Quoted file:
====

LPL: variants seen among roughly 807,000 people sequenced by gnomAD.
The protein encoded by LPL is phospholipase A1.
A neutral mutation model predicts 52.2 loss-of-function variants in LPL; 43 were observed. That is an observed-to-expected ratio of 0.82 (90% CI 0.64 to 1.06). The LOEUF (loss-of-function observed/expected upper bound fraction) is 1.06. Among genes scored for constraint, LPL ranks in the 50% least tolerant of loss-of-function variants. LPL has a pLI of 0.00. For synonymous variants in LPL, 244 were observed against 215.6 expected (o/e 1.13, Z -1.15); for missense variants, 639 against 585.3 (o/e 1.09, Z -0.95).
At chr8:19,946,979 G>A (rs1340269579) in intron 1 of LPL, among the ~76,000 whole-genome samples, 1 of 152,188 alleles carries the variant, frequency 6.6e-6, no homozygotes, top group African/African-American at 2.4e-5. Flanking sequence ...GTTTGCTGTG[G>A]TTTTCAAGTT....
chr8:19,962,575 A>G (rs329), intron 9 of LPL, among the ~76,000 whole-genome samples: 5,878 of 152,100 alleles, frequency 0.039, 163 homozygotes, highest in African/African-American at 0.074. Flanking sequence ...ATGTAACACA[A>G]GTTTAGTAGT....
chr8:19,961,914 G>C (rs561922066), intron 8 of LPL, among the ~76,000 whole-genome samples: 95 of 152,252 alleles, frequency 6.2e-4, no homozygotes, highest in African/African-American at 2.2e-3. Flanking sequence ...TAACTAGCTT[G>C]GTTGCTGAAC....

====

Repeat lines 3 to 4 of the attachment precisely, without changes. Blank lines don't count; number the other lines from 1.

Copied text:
A neutral mutation model predicts 52.2 loss-of-function variants in LPL; 43 were observed. That is an observed-to-expected ratio of 0.82 (90% CI 0.64 to 1.06). The LOEUF (loss-of-function observed/expected upper bound fraction) is 1.06. Among genes scored for constraint, LPL ranks in the 50% least tolerant of loss-of-function variants. LPL has a pLI of 0.00. For synonymous variants in LPL, 244 were observed against 215.6 expected (o/e 1.13, Z -1.15); for missense variants, 639 against 585.3 (o/e 1.09, Z -0.95).
At chr8:19,946,979 G>A (rs1340269579) in intron 1 of LPL, among the ~76,000 whole-genome samples, 1 of 152,188 alleles carries the variant, frequency 6.6e-6, no homozygotes, top group African/African-American at 2.4e-5. Flanking sequence ...GTTTGCTGTG[G>A]TTTTCAAGTT....